A Historic Cohort of Summer Interns

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An extraordinary group of enthusiastic young researchers joined the CUNY DSI Summer Internship Program during the summer of 2019. Each year, the Summer Internship Program trains a selected group of college students in the mechanics of undertaking scholarly research that speaks about a people, while recognizing the researcher’s responsibility in the narratives created because of their intervention. The Summer Internship Program’s pedagogy includes composing research questions that expand the bank of knowledge about the Dominican/Latino people beyond what is currently known; it also encourages young researchers to look deeply at Dominicans’ everyday life as a rooted people in the United States. 

In addition to pursuing their own research interest, interns participate directly in CUNY DSI’s ongoing research projects, providing them with hands-on experiences while simultaneously injecting the perspectives of young minds into the Institute’s research design.

From time to time, younger students participate in the Summer Internship Program at CUNY DSI. For instance, this year’s summer cohort included an eighth and an eleventh grade student. Exceptional in their own right, these youngsters were subjected to the same academic rigor expected from the college students.

This summer we were joined by a wonderful team composed of:

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  • Nicholas Almonte: 8th grade student at Holy Child Jesus Catholic Academy;
  • Elizabeth Castillo: a senior at New York University;
  • Zoe Crutcher: sophomore at Smith College;
  • Rianna Davis: sophomore at the University of Cambridge;
  • Sophia Di Giorgio: sophomore at Columbia University;
  • Alexandra Hernandez: junior at Connetquot High School;
  • Mariela Pichardo: senior at Brown University; and
  • Lydia Robles: 2019 pre-med graduate from Loyola University of Maryland. 

This year’s interns worked on the housing research project currently underway at CUNY DSI. The study on housing has resulted in two published monographs detailing the impact of gentrification among Dominicans residing in the legendary neighborhood of Washington Heights/Inwood. These publications earned CUNY DSI considerable media attention, and became regularly talked about among stakeholders.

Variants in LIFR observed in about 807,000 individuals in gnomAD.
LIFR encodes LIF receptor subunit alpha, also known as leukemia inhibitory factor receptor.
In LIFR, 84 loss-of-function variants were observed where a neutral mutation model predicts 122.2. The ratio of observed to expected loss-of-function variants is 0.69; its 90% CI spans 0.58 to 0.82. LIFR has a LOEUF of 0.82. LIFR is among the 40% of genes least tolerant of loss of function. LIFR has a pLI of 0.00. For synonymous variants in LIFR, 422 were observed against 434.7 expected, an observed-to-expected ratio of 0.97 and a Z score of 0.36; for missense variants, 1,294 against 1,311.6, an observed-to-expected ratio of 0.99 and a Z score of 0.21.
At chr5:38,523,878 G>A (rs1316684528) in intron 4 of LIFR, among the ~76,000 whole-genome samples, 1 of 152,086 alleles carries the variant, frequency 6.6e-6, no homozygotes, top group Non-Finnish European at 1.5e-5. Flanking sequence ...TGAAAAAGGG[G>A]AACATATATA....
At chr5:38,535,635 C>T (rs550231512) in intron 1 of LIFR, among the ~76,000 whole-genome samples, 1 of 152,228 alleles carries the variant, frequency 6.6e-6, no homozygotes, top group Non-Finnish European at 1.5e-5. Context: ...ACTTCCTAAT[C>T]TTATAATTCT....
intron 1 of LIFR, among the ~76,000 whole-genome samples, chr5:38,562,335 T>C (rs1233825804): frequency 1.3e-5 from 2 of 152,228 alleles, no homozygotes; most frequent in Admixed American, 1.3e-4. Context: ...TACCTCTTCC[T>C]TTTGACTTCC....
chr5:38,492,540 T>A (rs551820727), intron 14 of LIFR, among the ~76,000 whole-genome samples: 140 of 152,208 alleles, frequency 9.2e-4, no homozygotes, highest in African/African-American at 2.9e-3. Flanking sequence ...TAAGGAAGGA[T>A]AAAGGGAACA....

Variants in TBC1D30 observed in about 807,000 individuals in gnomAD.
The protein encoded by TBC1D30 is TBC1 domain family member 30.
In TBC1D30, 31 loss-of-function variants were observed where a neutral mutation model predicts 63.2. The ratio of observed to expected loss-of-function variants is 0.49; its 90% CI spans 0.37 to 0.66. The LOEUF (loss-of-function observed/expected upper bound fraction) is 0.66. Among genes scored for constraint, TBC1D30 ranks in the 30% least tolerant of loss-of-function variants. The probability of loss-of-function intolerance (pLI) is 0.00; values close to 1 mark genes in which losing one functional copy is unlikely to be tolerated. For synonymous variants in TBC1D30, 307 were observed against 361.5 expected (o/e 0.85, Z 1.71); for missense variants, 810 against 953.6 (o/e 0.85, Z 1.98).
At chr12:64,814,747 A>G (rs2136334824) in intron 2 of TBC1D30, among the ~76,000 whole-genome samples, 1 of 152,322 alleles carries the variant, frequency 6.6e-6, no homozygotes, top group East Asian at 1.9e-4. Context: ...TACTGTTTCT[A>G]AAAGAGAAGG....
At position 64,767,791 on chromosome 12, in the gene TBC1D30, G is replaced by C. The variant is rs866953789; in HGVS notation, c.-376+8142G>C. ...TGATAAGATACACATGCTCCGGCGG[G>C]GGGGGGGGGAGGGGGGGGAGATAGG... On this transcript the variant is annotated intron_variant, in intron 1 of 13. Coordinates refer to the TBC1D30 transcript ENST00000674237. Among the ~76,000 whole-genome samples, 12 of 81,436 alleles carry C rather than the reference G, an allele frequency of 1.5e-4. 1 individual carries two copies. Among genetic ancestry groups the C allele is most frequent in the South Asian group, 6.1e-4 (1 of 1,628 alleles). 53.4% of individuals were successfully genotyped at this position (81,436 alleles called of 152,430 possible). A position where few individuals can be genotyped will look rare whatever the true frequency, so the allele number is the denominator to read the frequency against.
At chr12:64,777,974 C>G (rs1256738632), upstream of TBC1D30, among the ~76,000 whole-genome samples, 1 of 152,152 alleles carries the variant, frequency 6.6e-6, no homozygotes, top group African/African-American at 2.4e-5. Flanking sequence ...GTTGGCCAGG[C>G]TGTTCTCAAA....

The summer interns were tasked with capturing and describing the physical transformation of Washington Heights/Inwood through ethnographic research. The idea was for students to expand the housing research, which, up to that point, had relied only on statistical data and secondary sources. Interns were to track the transformation through participant observation of the neighborhood, collection of visual sources, and historical analysis. Dr. Yana Kucheva, an affiliate faculty of the CUNY DSI and an assistant professor of Sociology at the Colin Powell School at The City College of New York, and Sarah Marrara, CUNY DSI’s statistician and data manager, along with the CUNY DSI Director, designed the methodology for the ethnographic research.

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The first step in the summer research project’s methodology was for interns to learn about the Dominican Republic, the history of Dominican migration to the U.S., particularly to New York, and about the settlement of Dominicans in Washington Heights/Inwood. They read a bibliography selected by CUNY DSI Chief Librarian, Prof. Sarah Aponte.